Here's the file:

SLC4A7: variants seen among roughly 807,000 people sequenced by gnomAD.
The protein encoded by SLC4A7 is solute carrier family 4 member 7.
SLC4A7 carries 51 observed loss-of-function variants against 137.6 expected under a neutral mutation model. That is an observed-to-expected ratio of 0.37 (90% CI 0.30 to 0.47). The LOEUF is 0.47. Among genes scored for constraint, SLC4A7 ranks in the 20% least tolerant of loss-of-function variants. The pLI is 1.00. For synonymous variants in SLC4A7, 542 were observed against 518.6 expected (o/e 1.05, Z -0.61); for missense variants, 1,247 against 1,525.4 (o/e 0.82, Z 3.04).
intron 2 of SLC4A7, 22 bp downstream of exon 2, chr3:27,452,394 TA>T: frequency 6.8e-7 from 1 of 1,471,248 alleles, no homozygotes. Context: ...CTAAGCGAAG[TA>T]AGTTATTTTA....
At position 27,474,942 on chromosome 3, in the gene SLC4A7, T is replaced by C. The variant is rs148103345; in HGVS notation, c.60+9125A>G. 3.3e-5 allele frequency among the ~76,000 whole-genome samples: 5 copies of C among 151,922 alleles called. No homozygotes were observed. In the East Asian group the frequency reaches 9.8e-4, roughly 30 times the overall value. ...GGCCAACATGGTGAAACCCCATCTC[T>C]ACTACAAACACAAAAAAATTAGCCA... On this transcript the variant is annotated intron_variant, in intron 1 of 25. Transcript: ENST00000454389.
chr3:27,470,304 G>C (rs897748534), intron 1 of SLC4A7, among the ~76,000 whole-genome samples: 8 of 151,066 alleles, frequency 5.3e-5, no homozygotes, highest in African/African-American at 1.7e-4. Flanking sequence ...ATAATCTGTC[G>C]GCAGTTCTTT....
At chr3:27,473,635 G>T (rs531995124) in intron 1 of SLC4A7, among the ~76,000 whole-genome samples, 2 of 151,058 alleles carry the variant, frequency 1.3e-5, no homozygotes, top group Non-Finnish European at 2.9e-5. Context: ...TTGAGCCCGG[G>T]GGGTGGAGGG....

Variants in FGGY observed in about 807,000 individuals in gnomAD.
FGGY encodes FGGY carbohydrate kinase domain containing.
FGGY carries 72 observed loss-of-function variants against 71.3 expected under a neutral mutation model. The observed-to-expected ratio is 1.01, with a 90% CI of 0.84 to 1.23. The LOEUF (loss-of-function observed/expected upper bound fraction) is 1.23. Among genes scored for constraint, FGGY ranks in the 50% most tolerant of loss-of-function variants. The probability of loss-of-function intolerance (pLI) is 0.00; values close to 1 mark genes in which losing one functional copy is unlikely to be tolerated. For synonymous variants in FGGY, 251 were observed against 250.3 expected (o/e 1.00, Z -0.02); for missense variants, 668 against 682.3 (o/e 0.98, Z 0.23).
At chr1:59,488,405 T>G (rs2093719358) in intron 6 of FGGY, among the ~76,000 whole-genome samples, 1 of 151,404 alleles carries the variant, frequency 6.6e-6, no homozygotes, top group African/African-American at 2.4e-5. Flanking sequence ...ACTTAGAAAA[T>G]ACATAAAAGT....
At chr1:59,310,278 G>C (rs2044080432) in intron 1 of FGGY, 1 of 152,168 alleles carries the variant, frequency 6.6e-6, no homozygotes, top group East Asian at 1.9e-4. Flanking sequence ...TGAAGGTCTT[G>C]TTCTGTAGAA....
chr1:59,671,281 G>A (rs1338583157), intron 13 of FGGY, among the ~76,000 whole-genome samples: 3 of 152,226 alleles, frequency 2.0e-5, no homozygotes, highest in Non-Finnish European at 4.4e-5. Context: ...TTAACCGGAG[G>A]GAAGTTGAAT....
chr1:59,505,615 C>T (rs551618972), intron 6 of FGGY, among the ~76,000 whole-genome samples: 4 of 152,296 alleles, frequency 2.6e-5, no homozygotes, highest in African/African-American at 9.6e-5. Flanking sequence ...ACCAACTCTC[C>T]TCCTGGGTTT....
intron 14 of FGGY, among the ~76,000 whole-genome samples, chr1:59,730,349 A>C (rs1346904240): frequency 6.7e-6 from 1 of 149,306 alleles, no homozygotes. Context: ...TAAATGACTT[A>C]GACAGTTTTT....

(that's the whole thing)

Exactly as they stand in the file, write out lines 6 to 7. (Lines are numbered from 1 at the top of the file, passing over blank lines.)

chr3:27,470,304 G>C (rs897748534), intron 1 of SLC4A7, among the ~76,000 whole-genome samples: 8 of 151,066 alleles, frequency 5.3e-5, no homozygotes, highest in African/African-American at 1.7e-4. Flanking sequence ...ATAATCTGTC[G>C]GCAGTTCTTT....
At chr3:27,473,635 G>T (rs531995124) in intron 1 of SLC4A7, among the ~76,000 whole-genome samples, 2 of 151,058 alleles carry the variant, frequency 1.3e-5, no homozygotes, top group Non-Finnish European at 2.9e-5. Context: ...TTGAGCCCGG[G>T]GGGTGGAGGG....